CFP Kalamazoo 2017: The Idea of Luxury and the Role of the Object

As Christopher Berry has shown in The Idea of Luxury, the concept of luxury is determined by countless factors: it is situated by socio-economic forces, enacted politically, and both justified and critiqued by philosophy and theology. Luxury is also a difficult scholarly concept to contend with, requiring close engagement with these aforementioned fields as well as distance from our own modern judgments and conceptualizations.

Our panel seeks to integrate physical objects within such epistemological studies and consider anew the vital role of Art History. We hope to use artworks to reevaluate some fundamental questions: what is luxury, how is it manifested in physical terms, and what are its functions for patrons, makers, and beholders? We also hope to bring to the fore new questions about the role of luxury objects in shaping scholarly questions and Art History as a discipline, dealing with the nature of the canon, the extant corpus of objects, and the role of collecting practices through time. Indeed, in today’s economic climate, it seems time to consider luxury’s history, our relationship to it, and what art historical lines of inquiry can bring to bear on cultural commentary.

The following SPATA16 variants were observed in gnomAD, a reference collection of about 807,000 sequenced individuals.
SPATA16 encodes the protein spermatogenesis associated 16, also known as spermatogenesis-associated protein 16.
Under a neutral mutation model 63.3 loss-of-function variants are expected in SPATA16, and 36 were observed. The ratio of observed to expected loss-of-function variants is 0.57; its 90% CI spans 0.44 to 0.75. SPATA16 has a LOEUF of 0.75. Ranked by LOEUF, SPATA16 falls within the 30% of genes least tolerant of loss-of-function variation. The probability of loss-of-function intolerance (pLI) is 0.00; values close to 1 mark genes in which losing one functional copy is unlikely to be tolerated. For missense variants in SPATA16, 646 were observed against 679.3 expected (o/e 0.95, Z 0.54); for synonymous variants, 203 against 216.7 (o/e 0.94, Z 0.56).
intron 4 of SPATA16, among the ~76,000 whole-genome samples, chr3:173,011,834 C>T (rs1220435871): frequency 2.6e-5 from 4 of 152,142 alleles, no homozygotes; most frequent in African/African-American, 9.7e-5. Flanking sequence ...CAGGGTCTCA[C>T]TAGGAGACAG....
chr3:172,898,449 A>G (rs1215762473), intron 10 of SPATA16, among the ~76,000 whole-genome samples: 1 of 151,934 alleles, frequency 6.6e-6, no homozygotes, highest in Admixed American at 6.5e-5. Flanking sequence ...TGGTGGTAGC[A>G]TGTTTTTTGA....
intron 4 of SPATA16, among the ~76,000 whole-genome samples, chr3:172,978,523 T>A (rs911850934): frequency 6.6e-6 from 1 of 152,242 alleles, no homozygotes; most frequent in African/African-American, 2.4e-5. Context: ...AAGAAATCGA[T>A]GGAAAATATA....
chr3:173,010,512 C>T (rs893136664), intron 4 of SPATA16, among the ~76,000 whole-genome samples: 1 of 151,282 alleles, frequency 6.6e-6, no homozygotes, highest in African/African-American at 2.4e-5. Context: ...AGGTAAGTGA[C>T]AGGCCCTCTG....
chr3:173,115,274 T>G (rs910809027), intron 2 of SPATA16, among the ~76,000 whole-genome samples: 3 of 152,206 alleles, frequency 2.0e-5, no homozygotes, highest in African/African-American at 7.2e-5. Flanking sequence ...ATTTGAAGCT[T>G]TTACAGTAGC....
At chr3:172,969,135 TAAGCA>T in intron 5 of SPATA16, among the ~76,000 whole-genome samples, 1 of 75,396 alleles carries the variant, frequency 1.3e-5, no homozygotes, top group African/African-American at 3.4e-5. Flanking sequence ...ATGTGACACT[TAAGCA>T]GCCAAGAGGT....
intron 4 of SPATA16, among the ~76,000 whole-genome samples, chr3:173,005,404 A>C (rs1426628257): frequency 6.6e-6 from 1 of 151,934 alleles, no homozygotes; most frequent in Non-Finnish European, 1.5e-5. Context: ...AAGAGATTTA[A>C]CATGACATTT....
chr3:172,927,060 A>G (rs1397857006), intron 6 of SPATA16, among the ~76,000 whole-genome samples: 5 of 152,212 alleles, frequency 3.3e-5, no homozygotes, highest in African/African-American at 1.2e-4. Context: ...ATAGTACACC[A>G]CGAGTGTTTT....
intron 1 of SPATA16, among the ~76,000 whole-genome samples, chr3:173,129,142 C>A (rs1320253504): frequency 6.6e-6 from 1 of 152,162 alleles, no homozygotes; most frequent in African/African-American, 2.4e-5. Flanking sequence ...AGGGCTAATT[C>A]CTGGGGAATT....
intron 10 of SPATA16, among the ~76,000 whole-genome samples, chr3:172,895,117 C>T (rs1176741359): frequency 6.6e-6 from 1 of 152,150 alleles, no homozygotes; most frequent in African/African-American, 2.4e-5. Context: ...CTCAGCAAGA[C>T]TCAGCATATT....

We welcome papers in various stages of research, and across geographic, temporal, and material contexts. Potential topics include: the aesthetics of luxury; material treatises and the physical makeup of luxury; unexpected luxuries; church treasuries; notions of excess, and objects that warn against, or perhaps embody, luxuria and avaritia; commissioning, owning, and displaying luxuries; history and historiography of luxury; luxury and domesticity; luxury and gender; collecting luxuries.

To propose a paper, please send an abstract, C.V., and completed Congress Participant Information Form to Andrew Sears (asears@berkeley.edu) and Laura Tillery (tillery@sas.upenn.edu) no later than 15 September 2016.